Abandoned amusement parks: the least frightening of all environments!
Jason’s 2 cents:
Mike’s already gone over some of the main sticking points with The Secret World, so I wanted to focus on just a couple of features of the game that I really like and keep me coming back for more. The first of these is a sort of cooperative feature based around quest completion, specifically, having to kill X number of enemies, or having to kill an enemy in particular. If you’re given a quest where you’re required to do some cleaning up, and you see another player (or players) doing the same thing, all players can get credit for the kill - provided that they actually contribute to the fight. This doesn’t work all the time, as some of the enemy fights may be scripted in such a way that you have to go through the whole fight, but it works for a majority of the quests you’ll come across and makes questing that much easier/friendlier as you’re no longer competing with other players for kills.
The other compelling feature of The Secret World is the Investigative Missions. These things are somewhat addictive, in my view. Combining equal parts puzzle solving with exploration and clue finding, these missions do something very few MMOs do - require you to use your brain. Some of these missions may simply entail running around a certain zone, finding different spots based on semi-vague descriptors, and some may have you pulling up the in-game web browser to look up a fake website or a piece of scripture. The same web browser can be used to look up any of a number walkthroughs, but give the mission an earnest shot before going down that path. It’s rewarding in its own right to know you figured something out, and most of the puzzles don’t go much deeper than what’s presented to you (i.e., don’t overthink it). They mostly seem to work off a key/priming word within the phrase or note you find to point you to the next part of the puzzle.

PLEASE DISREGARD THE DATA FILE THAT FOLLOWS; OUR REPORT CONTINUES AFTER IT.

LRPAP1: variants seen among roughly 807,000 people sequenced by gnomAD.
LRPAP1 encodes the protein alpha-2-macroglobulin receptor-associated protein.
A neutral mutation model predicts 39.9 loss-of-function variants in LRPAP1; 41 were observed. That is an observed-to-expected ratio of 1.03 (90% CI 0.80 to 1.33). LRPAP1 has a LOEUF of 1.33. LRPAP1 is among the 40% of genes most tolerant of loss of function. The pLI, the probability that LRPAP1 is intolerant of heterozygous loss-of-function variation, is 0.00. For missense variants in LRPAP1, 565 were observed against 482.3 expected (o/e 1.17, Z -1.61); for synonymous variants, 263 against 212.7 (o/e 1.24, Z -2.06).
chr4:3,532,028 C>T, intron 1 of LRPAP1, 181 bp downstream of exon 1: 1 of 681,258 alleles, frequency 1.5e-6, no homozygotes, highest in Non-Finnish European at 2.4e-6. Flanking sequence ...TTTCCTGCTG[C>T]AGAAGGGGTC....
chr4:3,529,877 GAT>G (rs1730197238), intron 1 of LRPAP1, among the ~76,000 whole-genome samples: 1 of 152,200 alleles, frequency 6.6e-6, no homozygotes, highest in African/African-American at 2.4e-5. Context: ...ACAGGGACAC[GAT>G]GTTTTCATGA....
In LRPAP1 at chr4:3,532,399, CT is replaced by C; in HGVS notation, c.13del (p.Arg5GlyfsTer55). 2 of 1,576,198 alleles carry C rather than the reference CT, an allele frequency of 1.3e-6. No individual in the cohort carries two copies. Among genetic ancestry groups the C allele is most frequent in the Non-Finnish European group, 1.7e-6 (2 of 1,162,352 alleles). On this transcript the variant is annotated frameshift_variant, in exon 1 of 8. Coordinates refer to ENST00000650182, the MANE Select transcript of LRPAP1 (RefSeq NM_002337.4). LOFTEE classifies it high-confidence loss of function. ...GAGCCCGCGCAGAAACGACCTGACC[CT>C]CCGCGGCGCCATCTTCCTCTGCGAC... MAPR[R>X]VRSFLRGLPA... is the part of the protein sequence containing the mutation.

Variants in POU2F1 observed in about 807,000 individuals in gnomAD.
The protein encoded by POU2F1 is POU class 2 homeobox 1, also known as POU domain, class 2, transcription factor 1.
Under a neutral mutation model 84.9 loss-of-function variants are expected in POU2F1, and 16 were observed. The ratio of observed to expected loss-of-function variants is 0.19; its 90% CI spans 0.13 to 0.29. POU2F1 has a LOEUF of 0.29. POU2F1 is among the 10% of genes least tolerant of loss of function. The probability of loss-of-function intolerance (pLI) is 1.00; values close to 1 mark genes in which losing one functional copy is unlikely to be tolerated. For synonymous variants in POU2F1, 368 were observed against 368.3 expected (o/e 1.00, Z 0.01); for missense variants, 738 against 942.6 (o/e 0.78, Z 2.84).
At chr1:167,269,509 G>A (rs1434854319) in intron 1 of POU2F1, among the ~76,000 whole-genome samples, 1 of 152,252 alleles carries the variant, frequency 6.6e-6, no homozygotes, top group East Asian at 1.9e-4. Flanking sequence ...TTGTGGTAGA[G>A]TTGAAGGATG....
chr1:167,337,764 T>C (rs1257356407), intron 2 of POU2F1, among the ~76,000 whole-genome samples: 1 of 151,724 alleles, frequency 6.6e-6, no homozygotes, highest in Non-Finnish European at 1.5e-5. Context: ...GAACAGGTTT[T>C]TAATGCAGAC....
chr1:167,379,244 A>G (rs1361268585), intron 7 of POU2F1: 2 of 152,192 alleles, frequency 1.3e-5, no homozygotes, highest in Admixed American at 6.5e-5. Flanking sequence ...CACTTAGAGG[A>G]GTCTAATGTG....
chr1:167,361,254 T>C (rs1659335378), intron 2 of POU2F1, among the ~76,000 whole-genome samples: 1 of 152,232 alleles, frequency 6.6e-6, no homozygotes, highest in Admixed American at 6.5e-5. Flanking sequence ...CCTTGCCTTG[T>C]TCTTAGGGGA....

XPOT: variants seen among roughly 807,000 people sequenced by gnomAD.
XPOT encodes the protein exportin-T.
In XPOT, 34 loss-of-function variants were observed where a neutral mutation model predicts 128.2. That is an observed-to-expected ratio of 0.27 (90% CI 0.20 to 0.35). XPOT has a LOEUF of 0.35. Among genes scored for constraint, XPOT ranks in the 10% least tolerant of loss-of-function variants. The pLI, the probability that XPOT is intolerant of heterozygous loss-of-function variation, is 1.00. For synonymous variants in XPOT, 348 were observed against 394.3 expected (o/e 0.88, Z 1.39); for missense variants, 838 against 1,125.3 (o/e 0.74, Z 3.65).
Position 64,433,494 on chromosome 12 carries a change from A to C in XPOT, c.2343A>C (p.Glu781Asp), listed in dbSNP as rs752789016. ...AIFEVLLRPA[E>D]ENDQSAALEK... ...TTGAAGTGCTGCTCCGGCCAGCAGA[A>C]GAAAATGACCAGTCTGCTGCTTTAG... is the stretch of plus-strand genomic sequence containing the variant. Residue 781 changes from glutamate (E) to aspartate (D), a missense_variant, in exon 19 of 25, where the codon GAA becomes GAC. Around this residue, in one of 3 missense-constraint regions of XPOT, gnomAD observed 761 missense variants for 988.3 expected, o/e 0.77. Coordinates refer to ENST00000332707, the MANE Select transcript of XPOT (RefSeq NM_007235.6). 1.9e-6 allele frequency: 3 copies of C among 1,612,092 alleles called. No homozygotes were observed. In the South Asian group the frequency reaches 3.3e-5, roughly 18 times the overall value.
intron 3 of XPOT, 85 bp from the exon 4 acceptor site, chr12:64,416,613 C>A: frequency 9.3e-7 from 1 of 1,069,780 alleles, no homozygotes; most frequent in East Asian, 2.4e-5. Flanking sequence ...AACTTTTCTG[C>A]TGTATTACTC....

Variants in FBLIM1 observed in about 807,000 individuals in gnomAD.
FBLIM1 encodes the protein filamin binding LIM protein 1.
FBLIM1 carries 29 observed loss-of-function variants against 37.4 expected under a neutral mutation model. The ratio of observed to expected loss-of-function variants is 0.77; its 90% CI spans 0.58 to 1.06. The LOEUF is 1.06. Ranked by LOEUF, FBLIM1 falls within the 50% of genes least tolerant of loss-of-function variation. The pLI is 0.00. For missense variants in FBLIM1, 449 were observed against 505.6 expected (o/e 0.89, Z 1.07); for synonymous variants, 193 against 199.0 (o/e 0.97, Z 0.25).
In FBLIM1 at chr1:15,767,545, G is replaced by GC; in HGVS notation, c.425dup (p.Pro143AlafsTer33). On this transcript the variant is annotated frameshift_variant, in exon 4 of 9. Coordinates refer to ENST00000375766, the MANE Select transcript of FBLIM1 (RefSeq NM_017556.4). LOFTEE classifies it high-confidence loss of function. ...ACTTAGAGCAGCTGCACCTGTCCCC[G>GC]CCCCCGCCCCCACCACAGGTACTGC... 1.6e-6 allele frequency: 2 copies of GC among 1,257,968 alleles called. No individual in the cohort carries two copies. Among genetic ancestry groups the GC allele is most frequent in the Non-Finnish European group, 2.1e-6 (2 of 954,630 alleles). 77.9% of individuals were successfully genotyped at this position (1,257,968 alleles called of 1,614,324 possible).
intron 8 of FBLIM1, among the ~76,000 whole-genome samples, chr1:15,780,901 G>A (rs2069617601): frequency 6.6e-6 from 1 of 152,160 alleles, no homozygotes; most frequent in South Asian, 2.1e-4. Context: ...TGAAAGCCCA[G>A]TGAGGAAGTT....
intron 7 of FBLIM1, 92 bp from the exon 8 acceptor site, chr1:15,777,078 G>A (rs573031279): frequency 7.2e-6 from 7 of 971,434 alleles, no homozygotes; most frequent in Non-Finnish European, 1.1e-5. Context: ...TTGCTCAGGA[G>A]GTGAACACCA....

The Secret World isn’t the greatest MMO to come out in a while, but it is certainly one of the more unique ones. There’s a lot of solid Lovecraft short story and Cthulu mythos integrated into the game, along with conspiracy theory, and it has a few features, like the Investigative Missions, that keep in interesting. My free trial-month with the game comes to an end this week, and I’m very tempted to pay the $15 to keep going for another month. There’s enough potential, through the regular content updates and patching, for the game that it really seems worth it.